Rose Eveleth from Wired has noticed the worrying parallels between Italian Futurism and Silicon Valley culture.
<< Let’s first take a look at the words often used to describe the Italian Futurist movement: invention, modernity, speed, industry, disruption, brash, energetic, combative. Italian Futurists were obsessed with cars and airplanes; they emphasized youth over experience; they believed that the only way to live was by pushing forward and never looking back. >>
<< This love of disruption and progress at all costs led Marinetti and his fellow artists to construct what some call a “a church of speed and violence.” They embraced fascism, pushed aside the idea of morality, and argued that innovation must never, for any reason, be hindered. Marinetti and his movement cheered, for example, when Italy invaded Northern Africa. >>
@natecull NB, something has /changed/ at Wired within the past year or two.
I think the exorcism of Kevin Kelly has finally been competently execute.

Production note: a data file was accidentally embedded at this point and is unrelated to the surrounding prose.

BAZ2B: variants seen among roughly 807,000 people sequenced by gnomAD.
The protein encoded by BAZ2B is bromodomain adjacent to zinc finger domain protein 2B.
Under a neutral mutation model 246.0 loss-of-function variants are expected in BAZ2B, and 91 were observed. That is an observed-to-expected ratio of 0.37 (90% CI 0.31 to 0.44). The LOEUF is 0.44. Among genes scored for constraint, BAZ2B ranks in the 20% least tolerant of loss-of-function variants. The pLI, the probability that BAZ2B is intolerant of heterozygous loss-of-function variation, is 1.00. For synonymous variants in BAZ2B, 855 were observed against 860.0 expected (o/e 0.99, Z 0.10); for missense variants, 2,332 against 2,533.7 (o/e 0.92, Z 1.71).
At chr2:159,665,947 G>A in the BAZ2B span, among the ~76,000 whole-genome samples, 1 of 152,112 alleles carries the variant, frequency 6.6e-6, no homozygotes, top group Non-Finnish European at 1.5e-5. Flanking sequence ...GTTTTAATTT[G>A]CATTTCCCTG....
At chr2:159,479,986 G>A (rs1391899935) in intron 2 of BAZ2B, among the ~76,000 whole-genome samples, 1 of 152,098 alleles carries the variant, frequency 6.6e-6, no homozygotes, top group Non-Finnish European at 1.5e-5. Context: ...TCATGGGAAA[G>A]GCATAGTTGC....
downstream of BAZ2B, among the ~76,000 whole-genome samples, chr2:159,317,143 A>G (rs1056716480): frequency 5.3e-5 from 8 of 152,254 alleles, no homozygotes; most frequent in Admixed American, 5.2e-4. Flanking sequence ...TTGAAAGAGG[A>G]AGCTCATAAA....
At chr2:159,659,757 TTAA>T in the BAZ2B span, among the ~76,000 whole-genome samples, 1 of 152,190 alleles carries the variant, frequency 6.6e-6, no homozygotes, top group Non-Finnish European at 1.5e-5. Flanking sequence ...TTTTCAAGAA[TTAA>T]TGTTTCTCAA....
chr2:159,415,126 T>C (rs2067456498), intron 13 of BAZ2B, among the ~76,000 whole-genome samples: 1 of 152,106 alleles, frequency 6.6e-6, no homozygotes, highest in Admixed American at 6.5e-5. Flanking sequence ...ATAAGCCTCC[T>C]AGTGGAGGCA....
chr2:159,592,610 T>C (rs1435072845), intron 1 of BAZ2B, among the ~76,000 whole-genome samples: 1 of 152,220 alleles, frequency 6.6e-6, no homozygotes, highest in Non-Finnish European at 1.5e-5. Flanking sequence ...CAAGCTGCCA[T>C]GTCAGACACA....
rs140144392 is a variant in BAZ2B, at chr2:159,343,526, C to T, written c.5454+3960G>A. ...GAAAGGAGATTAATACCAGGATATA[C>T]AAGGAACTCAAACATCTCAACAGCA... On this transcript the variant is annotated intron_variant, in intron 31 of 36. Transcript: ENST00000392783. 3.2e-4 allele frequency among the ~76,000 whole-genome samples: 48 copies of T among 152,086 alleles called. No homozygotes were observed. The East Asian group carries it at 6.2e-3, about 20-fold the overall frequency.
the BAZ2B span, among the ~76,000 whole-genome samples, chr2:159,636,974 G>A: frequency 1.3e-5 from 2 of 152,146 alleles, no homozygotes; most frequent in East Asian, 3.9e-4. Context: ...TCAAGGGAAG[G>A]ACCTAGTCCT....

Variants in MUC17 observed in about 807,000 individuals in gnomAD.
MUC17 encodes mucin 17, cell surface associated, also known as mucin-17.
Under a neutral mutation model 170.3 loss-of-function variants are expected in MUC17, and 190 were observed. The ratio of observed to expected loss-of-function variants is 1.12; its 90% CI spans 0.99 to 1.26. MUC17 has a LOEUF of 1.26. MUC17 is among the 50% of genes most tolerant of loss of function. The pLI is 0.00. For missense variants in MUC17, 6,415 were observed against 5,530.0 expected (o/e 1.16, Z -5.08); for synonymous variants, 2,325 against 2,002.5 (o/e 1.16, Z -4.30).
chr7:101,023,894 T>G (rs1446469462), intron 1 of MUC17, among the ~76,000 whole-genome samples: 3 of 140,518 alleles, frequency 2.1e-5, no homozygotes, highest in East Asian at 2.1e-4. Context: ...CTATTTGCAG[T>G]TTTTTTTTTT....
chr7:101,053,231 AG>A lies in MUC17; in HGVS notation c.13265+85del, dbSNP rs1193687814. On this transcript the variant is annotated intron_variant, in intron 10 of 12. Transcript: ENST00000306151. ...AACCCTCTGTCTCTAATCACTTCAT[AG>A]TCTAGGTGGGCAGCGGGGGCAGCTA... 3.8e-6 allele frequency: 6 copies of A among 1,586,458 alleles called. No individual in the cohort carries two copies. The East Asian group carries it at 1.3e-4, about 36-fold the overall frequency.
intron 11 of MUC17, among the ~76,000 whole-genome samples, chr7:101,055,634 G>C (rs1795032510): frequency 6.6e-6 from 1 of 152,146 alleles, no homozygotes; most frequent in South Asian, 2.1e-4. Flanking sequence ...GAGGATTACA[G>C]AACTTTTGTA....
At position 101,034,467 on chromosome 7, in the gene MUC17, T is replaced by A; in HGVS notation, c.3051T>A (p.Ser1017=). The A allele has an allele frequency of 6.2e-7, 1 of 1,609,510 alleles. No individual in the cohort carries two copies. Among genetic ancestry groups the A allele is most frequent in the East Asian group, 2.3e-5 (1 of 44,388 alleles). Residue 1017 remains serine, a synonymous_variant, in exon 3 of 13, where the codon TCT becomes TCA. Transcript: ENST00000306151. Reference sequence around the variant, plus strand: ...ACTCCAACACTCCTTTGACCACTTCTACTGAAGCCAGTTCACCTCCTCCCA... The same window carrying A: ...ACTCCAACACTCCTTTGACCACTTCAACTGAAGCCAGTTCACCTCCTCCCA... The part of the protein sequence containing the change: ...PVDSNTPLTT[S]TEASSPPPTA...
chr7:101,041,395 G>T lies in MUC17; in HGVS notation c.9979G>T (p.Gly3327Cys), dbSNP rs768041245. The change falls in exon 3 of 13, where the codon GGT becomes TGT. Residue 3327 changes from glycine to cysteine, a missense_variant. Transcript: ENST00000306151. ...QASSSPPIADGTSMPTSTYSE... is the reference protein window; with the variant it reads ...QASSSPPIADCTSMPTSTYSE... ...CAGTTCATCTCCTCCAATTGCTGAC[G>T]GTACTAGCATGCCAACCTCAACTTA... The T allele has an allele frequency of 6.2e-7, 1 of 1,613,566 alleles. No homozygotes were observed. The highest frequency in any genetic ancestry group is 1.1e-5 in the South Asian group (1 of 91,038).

@dl the parallels are interesting but I question the relevance. Authoritarian and nationalist impulses were abound in the early 1900s, and imprinted themselves on every facet of intellectual and political life worldwide. The United States revelled in eugenics, United States academics thought the burgeoning European fascist movements might be onto something, etc.
I think a key difference in Silicon Valley Futurism is an explicit rejection of nationalism, and in fact, the concept of the nation-state, a side effect of these companies often operating on the global stage and seeking to homogenize their operating environments.
The glorification of warfare? I'm uncertain. Even among people I know who work for military contractors, they usually view the tools they build as a necessary evil, don't revel in the deployment of their work, and are well aware of the moral gravity of it.
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